Category: Accenture, Pride Month, LGBTQ+ Inclusion, LGBTQ+ Community, Transgender community, Allyship, IDAHOTB, International Day Against Homophobia, Transphobia and Biphobia, LGBTIQ+ community, Pride employee network
Everyone has felt what it’s like to be excluded. And we’ve all hidden something about ourselves. Maybe it’s a physical feature or a character trait that has prompted criticism.
But what happens when those feelings of isolation, loneliness, fear, anxiety over being “found out” and even struggles with self-acceptance become your day-to-day experience? What happens when you have to hide a large portion of your identify and authentic self all the time because you fear condemnation, harassment or worse? The mental, emotional and physical toll can be staggering. That’s why it’s important that we honor International Day Against Homophobia, Transphobia and Biphobia (IDAHOTB). We must actively support the LGBTIQ+ community and raise awareness around the discrimination and violence experienced by many around the world.
To inspire you to take action and to help you connect to the experiences of people in the LGBTIQ+ community, we’ve asked some of our people to share their experiences of coming out, the challenges they’ve faced on their journeys and the importance of active allyship.
Self acceptance to live authentically
Our people shared how they sensed that they were different from peers at an early age. “I knew I didn’t have the same feelings as my peers about the opposite gender,” notes Brianna Bacon, a Technology Architecture Delivery Senior Analyst located in Philadelphia. “The biggest coming out point for me was to my parents when I was 16 years old. My mom is super religious, so she had the mindset that I was going through a phase. My dad was relatively supportive. He said as long as I’m happy about who I’m dating, he didn’t care.”
Evannie Zavala Ramos, a transwoman and Transaction Processing New Associate in Costa Rica, said that when she was 4 years old she saw the school uniform for girls and became depressed that it was forbidden for her to wear. “I have always been very aware that something in my inner self was different… My parents were not supportive,” she says. “They dismissed and humiliated me, making me even more depressed.” But, she was supported by a friend who provided her a space to be open within a safe environment.
Evannie’s experience was challenging and took a toll on her mental health as she struggled with depression, which is common among transgender youth. According to the Human Rights Campaign, 40 percent of transgender youth reported feeling depressed in a study conducted in 2016-2017. Depression can often occur as a result of gender dysphoria, a condition that affects many transgender people before they transition to their authentic selves.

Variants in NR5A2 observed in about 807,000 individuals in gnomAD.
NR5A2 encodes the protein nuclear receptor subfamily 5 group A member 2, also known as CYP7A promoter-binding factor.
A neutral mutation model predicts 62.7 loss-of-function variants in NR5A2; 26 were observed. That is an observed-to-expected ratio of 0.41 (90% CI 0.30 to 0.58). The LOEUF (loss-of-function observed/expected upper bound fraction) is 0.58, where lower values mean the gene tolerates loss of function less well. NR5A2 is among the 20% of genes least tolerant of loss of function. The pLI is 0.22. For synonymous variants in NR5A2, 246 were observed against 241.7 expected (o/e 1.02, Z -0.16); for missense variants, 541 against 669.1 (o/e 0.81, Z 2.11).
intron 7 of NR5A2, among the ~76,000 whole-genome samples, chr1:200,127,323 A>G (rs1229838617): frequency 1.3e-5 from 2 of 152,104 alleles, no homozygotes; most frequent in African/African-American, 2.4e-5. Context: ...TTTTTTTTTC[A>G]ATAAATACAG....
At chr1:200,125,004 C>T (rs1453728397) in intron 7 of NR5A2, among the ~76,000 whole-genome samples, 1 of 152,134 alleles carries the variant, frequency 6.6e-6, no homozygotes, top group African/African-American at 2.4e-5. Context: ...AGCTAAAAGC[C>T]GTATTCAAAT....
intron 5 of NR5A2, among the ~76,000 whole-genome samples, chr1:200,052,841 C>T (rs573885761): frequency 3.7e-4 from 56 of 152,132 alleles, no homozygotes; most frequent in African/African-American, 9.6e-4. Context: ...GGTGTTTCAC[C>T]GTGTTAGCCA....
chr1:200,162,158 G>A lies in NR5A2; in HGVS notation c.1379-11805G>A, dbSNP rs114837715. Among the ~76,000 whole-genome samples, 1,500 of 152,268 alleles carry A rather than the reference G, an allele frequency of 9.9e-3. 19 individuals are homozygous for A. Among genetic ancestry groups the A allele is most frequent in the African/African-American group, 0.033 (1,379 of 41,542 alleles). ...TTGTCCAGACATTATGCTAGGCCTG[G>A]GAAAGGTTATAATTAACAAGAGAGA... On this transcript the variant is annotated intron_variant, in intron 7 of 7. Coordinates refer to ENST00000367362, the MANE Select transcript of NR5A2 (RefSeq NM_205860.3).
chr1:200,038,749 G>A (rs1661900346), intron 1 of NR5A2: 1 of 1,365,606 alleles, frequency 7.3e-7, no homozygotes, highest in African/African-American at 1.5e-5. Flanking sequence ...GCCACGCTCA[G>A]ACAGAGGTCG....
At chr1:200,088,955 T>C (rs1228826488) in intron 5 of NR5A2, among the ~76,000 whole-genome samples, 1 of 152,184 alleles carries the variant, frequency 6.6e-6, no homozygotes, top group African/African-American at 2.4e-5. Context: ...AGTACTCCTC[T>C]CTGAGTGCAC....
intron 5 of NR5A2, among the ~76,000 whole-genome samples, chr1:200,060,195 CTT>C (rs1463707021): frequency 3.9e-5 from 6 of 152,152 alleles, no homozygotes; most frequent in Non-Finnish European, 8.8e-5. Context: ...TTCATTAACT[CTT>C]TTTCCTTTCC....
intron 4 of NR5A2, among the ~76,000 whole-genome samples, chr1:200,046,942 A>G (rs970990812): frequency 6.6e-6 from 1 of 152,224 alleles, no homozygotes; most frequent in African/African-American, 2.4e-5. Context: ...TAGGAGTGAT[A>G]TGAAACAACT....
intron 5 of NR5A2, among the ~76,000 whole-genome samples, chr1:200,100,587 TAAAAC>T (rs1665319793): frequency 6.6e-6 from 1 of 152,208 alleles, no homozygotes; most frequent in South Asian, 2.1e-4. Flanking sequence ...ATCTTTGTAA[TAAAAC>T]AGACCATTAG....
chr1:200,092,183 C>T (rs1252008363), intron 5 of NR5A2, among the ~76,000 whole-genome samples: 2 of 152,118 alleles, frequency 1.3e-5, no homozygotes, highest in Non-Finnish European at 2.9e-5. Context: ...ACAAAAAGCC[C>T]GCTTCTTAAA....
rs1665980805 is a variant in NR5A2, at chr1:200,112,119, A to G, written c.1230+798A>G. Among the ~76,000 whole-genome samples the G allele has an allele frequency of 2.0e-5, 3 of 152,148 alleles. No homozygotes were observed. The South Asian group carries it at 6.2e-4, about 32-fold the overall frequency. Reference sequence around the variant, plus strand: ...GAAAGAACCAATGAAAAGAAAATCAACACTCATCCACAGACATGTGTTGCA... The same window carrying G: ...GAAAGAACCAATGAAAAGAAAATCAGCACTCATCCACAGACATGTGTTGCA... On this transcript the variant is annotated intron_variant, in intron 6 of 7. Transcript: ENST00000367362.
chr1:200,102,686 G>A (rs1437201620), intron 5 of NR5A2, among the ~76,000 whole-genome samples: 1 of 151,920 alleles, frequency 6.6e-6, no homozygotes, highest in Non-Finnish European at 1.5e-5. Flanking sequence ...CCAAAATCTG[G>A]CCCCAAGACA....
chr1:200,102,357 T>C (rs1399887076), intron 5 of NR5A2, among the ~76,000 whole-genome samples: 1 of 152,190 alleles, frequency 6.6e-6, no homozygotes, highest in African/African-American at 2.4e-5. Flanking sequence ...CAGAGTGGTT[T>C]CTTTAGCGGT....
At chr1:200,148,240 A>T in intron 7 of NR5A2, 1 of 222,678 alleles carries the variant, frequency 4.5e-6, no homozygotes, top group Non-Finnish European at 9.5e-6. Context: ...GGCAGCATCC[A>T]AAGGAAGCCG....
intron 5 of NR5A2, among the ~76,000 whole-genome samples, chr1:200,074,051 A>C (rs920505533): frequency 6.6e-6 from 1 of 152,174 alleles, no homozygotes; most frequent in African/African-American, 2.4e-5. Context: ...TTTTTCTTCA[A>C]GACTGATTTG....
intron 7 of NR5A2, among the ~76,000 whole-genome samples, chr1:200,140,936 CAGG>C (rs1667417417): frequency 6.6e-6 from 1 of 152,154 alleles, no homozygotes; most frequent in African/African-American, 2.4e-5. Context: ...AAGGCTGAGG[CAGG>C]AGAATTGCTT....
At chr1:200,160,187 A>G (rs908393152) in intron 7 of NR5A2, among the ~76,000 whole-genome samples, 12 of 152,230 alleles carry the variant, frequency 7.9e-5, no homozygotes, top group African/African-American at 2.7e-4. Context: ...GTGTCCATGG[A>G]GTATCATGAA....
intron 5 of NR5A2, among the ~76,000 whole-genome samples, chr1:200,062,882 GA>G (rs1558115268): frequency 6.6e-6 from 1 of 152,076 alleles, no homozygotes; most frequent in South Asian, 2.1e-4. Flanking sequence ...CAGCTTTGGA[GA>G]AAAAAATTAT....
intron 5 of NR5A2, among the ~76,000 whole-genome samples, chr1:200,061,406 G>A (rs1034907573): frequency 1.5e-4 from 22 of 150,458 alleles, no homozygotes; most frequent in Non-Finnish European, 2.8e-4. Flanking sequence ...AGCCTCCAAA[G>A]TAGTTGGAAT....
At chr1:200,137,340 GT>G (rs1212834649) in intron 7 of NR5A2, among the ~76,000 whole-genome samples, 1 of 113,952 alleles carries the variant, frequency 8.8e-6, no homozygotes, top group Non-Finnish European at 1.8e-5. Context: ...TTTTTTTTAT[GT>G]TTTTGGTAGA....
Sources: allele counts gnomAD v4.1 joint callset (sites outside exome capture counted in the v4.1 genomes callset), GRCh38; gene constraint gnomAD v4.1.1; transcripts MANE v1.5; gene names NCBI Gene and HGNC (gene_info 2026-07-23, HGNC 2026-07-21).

Gender dysphoria refers to the distress transgender people experience when their sex assigned at birth does not align with their gender identity. It’s a topic Evannie wishes more people would understand because she believes that more awareness will help advance understanding and inclusion.
Identity in the workplace
Evannie’s experiences at work have been vastly different compared to her interactions with her family at a young age. “Accenture Costa Rica celebrated Transgender Day of Visibility and created a social media post congratulating me on my work,” she says.
Joseph Magadan, a Service Delivery Manager in the Philippines, also expressed appreciation for the support he’s received at Accenture. “In 2012, about two years after I joined Accenture, I had my first partner, so I knew it was my coming out moment. After talking with my mentor, career counselor and coach, I began accepting myself and started sharing my stories in 2014.”
Since then, Joseph says he’s embraced and loved himself more, which has allowed him to maximize his potential at work and become a prominent voice with the Pride employee network in the Philippines. In turn, this has helped him produce exceptional work, earning back-to-back internal recognitions, becoming part of diverse communities and increasing his leadership responsibilities.
What makes a good ally
When asked what makes a good ally, Brianna responds, “Being openly supportive, loving someone as another person, and not being afraid to defend that person in the face of a hateful situation.”
“As an example,” she continues, “taking it back to high school, when a group of friends is talking bad about someone, an ally defends that person—they step up and say why it’s wrong to create an environment where others feel unsafe.”
Evannie echoes the sentiment saying, “A true ally defends people when they are not called by their pronouns. True allies are those who look inside you and not outside of you, they are the ones who discover the value that is in you.”
Joseph suggests that effective allies are like good friends. “They make you feel safe. I always advise this: prioritize quality friendship over quantity of friendships.”
Awareness plus action, not a box checking exercise
While it’s important to honor days of significance, like IDAHOTB, through awareness and education, the conversation and supporting actions must continue year-round.
“Awareness would help de-silo the environment culturally,” Brianna says. “You are exposing people to realities they may have never been immersed in. Making people relatable, regardless of sexuality.”
Education is essential, but action is the critical next step to becoming a true ally and a crucial part of building a culture of equality for all.
“Awareness is not enough. We need to take action…. I want people to be open about allyship and equality as a normal conversation, not just a box to check,” Joseph says.
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